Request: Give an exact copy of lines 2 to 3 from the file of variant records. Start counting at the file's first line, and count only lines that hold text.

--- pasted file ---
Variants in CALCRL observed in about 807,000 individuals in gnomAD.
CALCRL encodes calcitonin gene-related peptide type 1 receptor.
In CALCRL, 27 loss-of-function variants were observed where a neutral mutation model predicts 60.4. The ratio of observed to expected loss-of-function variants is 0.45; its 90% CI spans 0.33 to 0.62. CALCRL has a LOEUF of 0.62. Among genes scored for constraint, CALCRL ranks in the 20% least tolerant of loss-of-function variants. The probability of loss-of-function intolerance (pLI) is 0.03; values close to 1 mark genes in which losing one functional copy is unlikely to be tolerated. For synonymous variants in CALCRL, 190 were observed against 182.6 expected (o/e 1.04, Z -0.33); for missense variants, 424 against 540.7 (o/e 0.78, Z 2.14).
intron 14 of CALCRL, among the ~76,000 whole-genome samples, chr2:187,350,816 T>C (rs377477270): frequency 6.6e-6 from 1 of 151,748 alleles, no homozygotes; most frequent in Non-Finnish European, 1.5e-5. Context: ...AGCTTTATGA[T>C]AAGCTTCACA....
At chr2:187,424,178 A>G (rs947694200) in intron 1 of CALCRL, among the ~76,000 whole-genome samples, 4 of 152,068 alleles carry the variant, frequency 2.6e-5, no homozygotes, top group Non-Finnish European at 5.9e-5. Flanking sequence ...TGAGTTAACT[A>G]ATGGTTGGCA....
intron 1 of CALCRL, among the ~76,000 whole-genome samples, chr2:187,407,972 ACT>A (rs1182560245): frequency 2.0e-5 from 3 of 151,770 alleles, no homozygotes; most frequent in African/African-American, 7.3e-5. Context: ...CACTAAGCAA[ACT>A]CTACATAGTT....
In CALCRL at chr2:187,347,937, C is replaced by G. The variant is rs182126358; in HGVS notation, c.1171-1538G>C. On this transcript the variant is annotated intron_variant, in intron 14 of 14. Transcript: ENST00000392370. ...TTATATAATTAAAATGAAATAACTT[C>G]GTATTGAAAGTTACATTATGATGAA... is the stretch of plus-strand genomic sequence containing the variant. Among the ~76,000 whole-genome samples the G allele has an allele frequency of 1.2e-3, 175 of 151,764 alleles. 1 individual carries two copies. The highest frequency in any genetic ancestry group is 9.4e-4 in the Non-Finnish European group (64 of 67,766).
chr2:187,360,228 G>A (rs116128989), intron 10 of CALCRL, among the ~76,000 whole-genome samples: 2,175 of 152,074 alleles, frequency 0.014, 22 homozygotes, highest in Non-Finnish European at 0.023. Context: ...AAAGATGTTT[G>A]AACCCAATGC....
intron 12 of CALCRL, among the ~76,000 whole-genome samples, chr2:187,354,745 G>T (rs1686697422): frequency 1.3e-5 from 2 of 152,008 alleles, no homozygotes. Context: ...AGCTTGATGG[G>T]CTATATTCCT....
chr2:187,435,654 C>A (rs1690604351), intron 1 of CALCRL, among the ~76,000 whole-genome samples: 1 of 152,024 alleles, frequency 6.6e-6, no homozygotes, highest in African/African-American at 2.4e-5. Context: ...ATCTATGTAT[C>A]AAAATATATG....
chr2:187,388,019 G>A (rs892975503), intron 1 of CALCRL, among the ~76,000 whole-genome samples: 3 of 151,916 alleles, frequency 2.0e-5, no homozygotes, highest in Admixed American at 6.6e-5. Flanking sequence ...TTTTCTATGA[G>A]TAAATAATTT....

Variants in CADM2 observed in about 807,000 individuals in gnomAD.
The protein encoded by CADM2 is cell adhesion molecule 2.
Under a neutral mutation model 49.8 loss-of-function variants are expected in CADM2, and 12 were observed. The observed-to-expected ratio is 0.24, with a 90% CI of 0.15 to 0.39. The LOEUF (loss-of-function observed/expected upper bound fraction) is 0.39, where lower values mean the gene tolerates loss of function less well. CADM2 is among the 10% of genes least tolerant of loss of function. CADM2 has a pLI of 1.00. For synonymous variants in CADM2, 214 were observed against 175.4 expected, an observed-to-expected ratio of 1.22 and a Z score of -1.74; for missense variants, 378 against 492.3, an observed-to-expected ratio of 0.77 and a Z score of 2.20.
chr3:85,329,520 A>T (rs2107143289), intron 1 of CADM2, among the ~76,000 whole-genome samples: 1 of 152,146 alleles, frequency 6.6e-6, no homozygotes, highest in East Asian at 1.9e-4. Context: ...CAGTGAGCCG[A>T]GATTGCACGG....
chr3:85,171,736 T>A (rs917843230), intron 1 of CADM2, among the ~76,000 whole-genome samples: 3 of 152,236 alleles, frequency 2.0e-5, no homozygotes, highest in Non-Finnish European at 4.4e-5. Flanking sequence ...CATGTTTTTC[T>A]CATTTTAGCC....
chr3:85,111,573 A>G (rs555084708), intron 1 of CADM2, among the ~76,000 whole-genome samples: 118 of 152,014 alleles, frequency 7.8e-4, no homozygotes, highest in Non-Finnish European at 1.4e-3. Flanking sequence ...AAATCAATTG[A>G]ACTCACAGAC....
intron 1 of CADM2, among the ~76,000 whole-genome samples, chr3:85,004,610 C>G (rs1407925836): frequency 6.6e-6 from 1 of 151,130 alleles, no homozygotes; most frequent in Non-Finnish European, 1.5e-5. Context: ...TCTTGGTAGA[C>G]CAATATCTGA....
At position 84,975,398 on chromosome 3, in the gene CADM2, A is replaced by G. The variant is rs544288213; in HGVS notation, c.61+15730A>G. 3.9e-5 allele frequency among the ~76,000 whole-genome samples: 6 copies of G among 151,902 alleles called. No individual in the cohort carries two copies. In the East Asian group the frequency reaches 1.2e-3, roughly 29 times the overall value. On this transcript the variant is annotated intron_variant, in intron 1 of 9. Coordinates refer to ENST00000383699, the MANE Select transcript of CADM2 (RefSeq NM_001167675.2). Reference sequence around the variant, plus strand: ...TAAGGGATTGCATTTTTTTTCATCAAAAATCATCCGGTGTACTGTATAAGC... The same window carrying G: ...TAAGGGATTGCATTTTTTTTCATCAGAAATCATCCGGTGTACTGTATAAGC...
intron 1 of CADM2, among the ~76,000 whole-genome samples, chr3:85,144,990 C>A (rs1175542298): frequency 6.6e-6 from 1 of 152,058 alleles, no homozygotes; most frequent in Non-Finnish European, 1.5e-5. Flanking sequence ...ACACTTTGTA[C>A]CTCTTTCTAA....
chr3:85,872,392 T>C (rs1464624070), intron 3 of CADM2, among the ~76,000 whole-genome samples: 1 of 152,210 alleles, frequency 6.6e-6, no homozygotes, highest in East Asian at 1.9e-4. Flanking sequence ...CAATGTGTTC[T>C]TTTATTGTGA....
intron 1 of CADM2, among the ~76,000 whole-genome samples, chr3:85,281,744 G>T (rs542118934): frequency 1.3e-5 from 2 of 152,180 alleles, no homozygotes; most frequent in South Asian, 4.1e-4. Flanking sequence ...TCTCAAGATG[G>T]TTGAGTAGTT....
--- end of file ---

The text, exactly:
CALCRL encodes calcitonin gene-related peptide type 1 receptor.
In CALCRL, 27 loss-of-function variants were observed where a neutral mutation model predicts 60.4. The ratio of observed to expected loss-of-function variants is 0.45; its 90% CI spans 0.33 to 0.62. CALCRL has a LOEUF of 0.62. Among genes scored for constraint, CALCRL ranks in the 20% least tolerant of loss-of-function variants. The probability of loss-of-function intolerance (pLI) is 0.03; values close to 1 mark genes in which losing one functional copy is unlikely to be tolerated. For synonymous variants in CALCRL, 190 were observed against 182.6 expected (o/e 1.04, Z -0.33); for missense variants, 424 against 540.7 (o/e 0.78, Z 2.14).